You need to have erections regularly to keep your penis in shape. "It has to be essentially exercised," says Tobias Kohler, MD, assistant professor of urology at Southern Illinois University School of Medicine.
To maintain a healthy tone, the smooth muscle of the penis must be periodically enriched with oxygen by the rush of blood that engorges the penis and makes it erect, Kohler says.
Building abs and sculpting muscles starts long before you ever hit the gym. Muscle growth requires a formula based on drinking plenty of fluids and eating the right energy-rich foods along with lifting weights. The right formula will fuel workouts, repair muscle tissue, and help you sculpt your physique.
If a guy is physically able to get erect, but never has erections during the day -- maybe he finds himself in very un-erotic circumstances for a long time -- he needn't worry. The brain has an automatic penis maintenance function built in.
Impulses from the brain cause erections during the dreaming phase of sleep, called the REM phase. It doesn't matter if you're having a hot sex dream or a zombie apocalypse nightmare -- your penis gets hard during that period of the sleep cycle.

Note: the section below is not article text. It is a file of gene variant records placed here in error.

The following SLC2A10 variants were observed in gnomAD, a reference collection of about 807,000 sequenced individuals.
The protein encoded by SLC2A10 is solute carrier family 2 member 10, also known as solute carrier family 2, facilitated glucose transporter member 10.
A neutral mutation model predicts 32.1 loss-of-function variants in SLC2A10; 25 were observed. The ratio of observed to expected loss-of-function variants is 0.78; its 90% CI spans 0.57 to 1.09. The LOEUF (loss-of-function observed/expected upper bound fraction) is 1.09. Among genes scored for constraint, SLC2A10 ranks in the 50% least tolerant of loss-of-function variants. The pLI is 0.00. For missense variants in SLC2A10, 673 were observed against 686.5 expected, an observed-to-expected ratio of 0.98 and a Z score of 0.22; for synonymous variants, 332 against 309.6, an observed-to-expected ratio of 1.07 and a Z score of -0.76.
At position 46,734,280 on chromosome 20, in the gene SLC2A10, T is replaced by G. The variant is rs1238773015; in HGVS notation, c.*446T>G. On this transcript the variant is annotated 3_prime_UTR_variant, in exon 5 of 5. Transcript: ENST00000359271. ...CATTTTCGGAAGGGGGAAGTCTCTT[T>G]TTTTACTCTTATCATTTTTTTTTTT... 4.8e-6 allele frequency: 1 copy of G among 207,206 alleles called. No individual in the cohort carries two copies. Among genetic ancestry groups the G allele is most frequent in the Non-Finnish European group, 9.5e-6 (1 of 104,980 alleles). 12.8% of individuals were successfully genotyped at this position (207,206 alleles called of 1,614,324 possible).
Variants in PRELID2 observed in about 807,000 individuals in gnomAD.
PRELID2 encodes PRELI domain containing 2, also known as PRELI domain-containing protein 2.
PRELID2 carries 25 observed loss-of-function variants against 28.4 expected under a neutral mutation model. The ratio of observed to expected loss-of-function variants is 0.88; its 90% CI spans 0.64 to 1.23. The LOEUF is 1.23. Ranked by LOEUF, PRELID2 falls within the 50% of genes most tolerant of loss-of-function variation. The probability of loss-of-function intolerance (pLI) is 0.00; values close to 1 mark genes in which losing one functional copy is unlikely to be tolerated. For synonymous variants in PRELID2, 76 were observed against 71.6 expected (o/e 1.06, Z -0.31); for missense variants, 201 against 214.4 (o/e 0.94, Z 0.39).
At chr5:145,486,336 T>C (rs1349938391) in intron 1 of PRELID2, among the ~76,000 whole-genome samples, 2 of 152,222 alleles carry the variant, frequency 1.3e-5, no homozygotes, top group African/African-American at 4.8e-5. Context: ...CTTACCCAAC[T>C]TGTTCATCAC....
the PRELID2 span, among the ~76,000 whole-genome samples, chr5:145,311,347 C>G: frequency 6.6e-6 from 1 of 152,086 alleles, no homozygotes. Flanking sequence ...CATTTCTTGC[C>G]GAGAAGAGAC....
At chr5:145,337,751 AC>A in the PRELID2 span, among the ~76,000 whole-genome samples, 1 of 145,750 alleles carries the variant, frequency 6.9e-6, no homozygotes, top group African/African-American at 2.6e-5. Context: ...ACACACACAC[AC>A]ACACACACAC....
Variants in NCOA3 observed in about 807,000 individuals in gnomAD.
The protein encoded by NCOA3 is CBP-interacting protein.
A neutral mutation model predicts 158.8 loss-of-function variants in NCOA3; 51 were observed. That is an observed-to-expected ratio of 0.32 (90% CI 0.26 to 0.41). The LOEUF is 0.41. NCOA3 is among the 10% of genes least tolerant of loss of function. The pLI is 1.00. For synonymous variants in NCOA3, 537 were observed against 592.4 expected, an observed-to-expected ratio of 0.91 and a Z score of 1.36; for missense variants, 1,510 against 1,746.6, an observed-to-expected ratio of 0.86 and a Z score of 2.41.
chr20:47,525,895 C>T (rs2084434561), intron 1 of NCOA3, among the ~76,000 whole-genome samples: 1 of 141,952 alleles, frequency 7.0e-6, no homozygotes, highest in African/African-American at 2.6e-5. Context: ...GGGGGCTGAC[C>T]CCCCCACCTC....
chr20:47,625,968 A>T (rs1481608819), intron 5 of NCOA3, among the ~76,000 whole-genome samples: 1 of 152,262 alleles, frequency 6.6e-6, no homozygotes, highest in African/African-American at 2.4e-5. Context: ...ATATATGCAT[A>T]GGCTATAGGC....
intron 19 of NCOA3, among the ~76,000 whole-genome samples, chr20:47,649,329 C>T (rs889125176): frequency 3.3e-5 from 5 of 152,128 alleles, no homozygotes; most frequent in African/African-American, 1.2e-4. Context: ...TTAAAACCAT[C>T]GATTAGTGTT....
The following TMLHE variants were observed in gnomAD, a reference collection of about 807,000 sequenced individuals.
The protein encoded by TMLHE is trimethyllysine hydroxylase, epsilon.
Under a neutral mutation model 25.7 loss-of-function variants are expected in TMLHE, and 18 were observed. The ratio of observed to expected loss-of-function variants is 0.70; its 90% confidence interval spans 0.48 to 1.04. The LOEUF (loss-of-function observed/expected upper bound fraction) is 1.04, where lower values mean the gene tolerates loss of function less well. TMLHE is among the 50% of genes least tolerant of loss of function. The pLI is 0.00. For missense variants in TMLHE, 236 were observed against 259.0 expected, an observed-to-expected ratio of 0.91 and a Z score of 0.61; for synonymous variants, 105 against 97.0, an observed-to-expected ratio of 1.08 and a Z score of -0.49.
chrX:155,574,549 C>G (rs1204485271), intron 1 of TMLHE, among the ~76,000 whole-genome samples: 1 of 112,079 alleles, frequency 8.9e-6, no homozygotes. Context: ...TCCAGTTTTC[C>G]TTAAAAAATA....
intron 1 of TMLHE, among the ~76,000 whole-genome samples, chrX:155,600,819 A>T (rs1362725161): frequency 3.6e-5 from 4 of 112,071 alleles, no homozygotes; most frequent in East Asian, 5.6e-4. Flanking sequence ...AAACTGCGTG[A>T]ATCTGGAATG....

But some men are physically unable to get erections, such as those who've suffered trauma to the nerves involved or who have nerve or blood vessel damage caused by diabetes.
"If they don't do anything to maintain normal erections, they will get shortening of the penis," Kohler says. Without regular erections, penile tissue can become less elastic and shrink, making the penis 1-2 centimeters shorter.
A device like a vacuum pump, which forces the penis to swell with blood, can help men with physical erection problems maintain a healthy penis, Kohler says.
2. Your Penis May Be a 'Grower' or a 'Show-er'
Among men, there is no consistent relationship between the size of the flaccid penis and its full erect length.
In one study of 80 men, researchers found that increases from flaccid to erect lengths ranged widely, from less than a quarter-inch to 3.5 inches longer.
Whatever the clinical significance of these data may be, the locker-room significance is considerable. You can't assume that a dude with a big, limp penis gets much bigger with an erection. And the guy whose penis looks tiny might get a surprisingly big erection.
An analysis of more than a thousand measurements taken by sex researcher Alfred Kinsey shows that shorter flaccid penises tend to gain about twice as much length as longer flaccid penises.
A penis that doesn't gain much length with an erection has become known as a "show-er," and a penis that gains a lot is said to be a "grower." These are not medical terms, and there aren't scientifically established thresholds for what's a show-er or a grower.
Kinsey's data suggest that most penises aren't extreme show-ers or growers. About 12% of penises gained one-third or less of their total length with an erection, and about 7% doubled in length when erect.